There’s always big news coming from outer space. Scientists and researchers are studying Mars extensively, discovering new types of supernovas, and finding neutron star and black hole pairings. But for the rest of us humans, there isn’t anything quite as exciting as the possibility of life on other planets. (Honestly, this one is getting very messy and we high-key want to leave.) So far, we haven’t heard of any confirmed alien sightings on another planet, but there may actually be signs of life near Saturn. Yep, the favorite planet of many children (because of its rings, obvs) could have some microbes on one of its many moons.
This news, which we picked up from New Atlas, is a pretty cool development. According to the report, something is creating methane on Enceladus, one of Saturn’s moons. Methane is a greenhouse gas that microorganisms simultaneously break down and produce. The levels of methane on Enceladus are so high that it matches what scientists would expect from microbes.
Enceladus doesn’t seem like a prime place for microscopic life, given its icy outer surface. However, just beyond that layer is an oceanlike slush with a seafloor with hydrothermal vents. That watery substance sometimes breaks through its cold shell in water plumes, similar to a geyser erupting on Earth. Further evidence comes NASA/ESA/ISA’s Cassini space probe, which has studied the ringed planet and its moons to discover carbon dioxide and dihydrogen, too. So, what does this mean? It’s likely that microbes might be hanging out down there. Of course, this isn’t a full-stop conclusion, which Régis Ferrière, co-lead author of this study, explains in the research that’s published in Nature Astronomy.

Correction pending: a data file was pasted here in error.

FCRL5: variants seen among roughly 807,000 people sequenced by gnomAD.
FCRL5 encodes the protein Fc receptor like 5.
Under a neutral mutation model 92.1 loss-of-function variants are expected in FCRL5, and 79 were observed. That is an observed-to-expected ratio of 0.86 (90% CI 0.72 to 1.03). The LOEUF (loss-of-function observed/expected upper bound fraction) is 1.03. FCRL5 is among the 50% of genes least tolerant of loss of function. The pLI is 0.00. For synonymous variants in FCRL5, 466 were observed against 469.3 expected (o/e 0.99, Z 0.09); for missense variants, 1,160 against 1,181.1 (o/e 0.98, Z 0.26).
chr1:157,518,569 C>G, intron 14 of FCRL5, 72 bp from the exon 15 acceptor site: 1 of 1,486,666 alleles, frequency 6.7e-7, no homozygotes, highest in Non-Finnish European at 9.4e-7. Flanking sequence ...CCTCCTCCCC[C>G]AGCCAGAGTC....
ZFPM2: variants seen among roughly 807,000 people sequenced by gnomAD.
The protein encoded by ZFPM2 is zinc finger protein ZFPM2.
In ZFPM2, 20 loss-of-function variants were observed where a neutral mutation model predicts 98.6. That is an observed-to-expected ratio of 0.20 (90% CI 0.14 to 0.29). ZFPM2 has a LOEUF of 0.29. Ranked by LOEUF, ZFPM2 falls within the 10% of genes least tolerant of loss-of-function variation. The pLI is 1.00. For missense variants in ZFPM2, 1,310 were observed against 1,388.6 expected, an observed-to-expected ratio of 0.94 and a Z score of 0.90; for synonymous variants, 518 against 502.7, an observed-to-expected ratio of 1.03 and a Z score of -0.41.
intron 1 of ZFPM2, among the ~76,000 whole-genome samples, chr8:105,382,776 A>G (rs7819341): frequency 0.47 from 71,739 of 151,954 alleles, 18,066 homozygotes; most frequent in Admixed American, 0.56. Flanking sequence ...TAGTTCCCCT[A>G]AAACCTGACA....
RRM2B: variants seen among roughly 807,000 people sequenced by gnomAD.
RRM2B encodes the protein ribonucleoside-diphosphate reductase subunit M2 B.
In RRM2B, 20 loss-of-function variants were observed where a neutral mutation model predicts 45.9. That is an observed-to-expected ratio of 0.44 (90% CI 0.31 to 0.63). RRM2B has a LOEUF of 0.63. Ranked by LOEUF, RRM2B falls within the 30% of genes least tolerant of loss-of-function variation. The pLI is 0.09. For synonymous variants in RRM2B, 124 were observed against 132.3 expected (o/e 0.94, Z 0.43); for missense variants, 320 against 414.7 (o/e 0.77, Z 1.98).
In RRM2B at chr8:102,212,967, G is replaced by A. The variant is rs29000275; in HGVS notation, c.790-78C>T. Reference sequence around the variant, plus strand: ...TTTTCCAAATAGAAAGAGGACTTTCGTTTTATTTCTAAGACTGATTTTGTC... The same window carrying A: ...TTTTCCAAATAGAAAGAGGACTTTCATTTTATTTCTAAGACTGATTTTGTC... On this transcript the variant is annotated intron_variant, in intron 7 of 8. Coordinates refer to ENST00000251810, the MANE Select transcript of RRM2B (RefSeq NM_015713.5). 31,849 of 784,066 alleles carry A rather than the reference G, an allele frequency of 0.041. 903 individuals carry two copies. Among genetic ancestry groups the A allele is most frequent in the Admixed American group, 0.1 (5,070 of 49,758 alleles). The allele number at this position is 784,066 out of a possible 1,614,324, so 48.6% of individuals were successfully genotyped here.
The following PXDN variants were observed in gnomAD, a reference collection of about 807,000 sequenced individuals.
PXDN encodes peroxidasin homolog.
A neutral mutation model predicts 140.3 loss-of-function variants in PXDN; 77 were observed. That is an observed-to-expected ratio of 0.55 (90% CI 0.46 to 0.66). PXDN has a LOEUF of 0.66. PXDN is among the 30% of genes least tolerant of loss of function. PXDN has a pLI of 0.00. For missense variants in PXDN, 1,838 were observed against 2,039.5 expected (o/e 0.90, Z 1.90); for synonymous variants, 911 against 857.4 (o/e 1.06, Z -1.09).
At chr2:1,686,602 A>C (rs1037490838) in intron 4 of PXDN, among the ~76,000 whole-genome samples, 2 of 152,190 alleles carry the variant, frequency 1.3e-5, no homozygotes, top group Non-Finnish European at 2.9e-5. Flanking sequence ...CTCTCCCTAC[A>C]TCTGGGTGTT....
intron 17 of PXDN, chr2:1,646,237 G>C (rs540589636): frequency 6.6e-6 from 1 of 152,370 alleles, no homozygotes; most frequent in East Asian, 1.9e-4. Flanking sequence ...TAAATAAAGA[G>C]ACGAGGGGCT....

“Obviously, we are not concluding that life exists in Enceladus’ ocean,” says Ferrière. “Rather, we wanted to understand how likely it would be that Enceladus’ hydrothermal vents could be habitable to Earthlike microorganisms. Very likely, the Cassini data tell us, according to our models. And biological methanogenesis appears to be compatible with the data.”
We will have to keep an eye on what comes in the future studies of our always intriguing solar system.